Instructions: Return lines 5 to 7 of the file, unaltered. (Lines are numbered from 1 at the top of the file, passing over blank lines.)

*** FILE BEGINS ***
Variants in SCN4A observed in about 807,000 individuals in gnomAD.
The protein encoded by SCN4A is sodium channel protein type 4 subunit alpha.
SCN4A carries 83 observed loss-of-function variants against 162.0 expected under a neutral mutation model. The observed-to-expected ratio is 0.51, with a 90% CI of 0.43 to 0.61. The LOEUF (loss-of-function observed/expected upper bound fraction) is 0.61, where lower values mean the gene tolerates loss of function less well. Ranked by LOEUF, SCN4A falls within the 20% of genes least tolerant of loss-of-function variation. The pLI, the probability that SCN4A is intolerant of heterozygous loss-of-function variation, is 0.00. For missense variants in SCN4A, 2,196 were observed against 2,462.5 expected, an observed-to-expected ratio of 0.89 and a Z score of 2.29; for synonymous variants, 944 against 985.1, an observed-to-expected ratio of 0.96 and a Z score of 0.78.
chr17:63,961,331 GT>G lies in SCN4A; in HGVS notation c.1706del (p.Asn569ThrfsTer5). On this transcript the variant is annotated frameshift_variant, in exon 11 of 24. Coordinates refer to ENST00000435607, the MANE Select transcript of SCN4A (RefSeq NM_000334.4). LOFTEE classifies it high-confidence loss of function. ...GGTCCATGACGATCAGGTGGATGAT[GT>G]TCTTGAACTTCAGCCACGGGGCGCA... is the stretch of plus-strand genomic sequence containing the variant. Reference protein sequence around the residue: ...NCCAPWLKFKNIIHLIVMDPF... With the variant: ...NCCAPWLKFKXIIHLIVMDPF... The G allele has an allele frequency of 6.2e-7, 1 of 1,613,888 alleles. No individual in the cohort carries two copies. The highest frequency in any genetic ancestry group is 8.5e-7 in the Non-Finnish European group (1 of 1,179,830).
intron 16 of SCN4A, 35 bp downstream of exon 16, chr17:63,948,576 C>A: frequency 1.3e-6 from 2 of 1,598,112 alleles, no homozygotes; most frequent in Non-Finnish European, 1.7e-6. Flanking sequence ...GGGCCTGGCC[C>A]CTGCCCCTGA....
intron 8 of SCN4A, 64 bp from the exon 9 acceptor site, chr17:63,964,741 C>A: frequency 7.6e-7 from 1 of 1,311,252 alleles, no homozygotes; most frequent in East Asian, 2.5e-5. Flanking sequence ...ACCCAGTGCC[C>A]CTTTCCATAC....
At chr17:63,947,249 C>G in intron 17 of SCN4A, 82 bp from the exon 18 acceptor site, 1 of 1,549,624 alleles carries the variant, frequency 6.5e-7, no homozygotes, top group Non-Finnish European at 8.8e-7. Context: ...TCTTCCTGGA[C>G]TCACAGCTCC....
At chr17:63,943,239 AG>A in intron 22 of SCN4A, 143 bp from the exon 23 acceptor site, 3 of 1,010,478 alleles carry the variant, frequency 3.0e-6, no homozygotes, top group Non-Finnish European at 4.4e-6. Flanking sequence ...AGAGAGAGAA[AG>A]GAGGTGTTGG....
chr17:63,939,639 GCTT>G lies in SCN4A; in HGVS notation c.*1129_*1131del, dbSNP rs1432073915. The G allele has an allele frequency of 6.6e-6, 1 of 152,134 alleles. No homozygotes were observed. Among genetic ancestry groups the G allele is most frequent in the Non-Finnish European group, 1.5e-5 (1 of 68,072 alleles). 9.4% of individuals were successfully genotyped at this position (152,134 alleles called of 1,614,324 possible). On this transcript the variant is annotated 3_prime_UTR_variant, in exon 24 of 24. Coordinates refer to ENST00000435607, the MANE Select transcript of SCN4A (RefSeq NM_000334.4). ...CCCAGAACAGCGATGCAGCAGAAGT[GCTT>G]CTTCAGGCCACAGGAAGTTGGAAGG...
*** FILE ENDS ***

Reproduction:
intron 16 of SCN4A, 35 bp downstream of exon 16, chr17:63,948,576 C>A: frequency 1.3e-6 from 2 of 1,598,112 alleles, no homozygotes; most frequent in Non-Finnish European, 1.7e-6. Flanking sequence ...GGGCCTGGCC[C>A]CTGCCCCTGA....
intron 8 of SCN4A, 64 bp from the exon 9 acceptor site, chr17:63,964,741 C>A: frequency 7.6e-7 from 1 of 1,311,252 alleles, no homozygotes; most frequent in East Asian, 2.5e-5. Flanking sequence ...ACCCAGTGCC[C>A]CTTTCCATAC....
At chr17:63,947,249 C>G in intron 17 of SCN4A, 82 bp from the exon 18 acceptor site, 1 of 1,549,624 alleles carries the variant, frequency 6.5e-7, no homozygotes, top group Non-Finnish European at 8.8e-7. Context: ...TCTTCCTGGA[C>G]TCACAGCTCC....